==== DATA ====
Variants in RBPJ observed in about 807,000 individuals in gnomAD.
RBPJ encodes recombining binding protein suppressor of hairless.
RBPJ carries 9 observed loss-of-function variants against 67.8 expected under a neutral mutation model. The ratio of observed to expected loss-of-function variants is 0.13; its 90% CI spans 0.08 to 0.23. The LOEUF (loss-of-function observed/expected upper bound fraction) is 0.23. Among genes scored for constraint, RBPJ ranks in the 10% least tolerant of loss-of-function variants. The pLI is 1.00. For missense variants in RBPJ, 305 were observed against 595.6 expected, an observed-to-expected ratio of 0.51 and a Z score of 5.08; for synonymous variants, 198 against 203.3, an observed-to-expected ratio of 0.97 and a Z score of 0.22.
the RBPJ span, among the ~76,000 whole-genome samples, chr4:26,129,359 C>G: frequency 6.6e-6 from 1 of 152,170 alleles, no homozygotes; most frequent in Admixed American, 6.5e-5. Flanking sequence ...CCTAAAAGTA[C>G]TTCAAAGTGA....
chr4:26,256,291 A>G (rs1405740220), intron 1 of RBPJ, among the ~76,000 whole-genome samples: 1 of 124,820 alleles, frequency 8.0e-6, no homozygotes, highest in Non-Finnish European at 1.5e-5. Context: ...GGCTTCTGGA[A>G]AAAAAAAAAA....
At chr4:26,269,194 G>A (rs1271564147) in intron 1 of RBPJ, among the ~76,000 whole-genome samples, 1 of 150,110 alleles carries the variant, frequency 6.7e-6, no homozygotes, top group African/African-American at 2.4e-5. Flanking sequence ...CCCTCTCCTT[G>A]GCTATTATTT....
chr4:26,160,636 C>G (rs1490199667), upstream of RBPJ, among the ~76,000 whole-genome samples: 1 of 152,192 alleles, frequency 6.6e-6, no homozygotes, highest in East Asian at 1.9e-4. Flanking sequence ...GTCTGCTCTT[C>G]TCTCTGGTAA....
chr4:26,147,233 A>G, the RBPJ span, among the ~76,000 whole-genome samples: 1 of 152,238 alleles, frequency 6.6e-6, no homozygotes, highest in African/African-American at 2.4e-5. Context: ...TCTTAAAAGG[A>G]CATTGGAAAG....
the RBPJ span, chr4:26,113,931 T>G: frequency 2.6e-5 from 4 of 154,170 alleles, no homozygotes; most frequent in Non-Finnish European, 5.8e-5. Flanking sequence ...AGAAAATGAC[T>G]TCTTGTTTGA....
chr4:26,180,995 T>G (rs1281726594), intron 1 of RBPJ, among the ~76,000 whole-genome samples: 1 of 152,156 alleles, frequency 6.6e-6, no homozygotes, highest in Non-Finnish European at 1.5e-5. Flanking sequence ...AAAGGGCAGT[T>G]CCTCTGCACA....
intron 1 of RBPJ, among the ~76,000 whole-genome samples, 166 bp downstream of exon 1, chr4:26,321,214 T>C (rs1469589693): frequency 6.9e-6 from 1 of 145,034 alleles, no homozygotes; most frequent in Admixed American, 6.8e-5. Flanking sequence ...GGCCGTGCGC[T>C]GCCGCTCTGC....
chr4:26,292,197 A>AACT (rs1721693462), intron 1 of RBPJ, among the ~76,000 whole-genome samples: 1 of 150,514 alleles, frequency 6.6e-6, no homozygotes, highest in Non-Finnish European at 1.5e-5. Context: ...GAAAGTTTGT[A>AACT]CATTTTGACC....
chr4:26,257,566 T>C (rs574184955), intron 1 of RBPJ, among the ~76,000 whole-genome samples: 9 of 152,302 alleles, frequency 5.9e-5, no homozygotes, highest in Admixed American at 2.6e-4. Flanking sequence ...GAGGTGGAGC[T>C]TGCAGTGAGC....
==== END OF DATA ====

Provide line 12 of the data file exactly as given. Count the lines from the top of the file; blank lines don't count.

chr4:26,292,197 A>AACT (rs1721693462), intron 1 of RBPJ, among the ~76,000 whole-genome samples: 1 of 150,514 alleles, frequency 6.6e-6, no homozygotes, highest in Non-Finnish European at 1.5e-5. Context: ...GAAAGTTTGT[A>AACT]CATTTTGACC....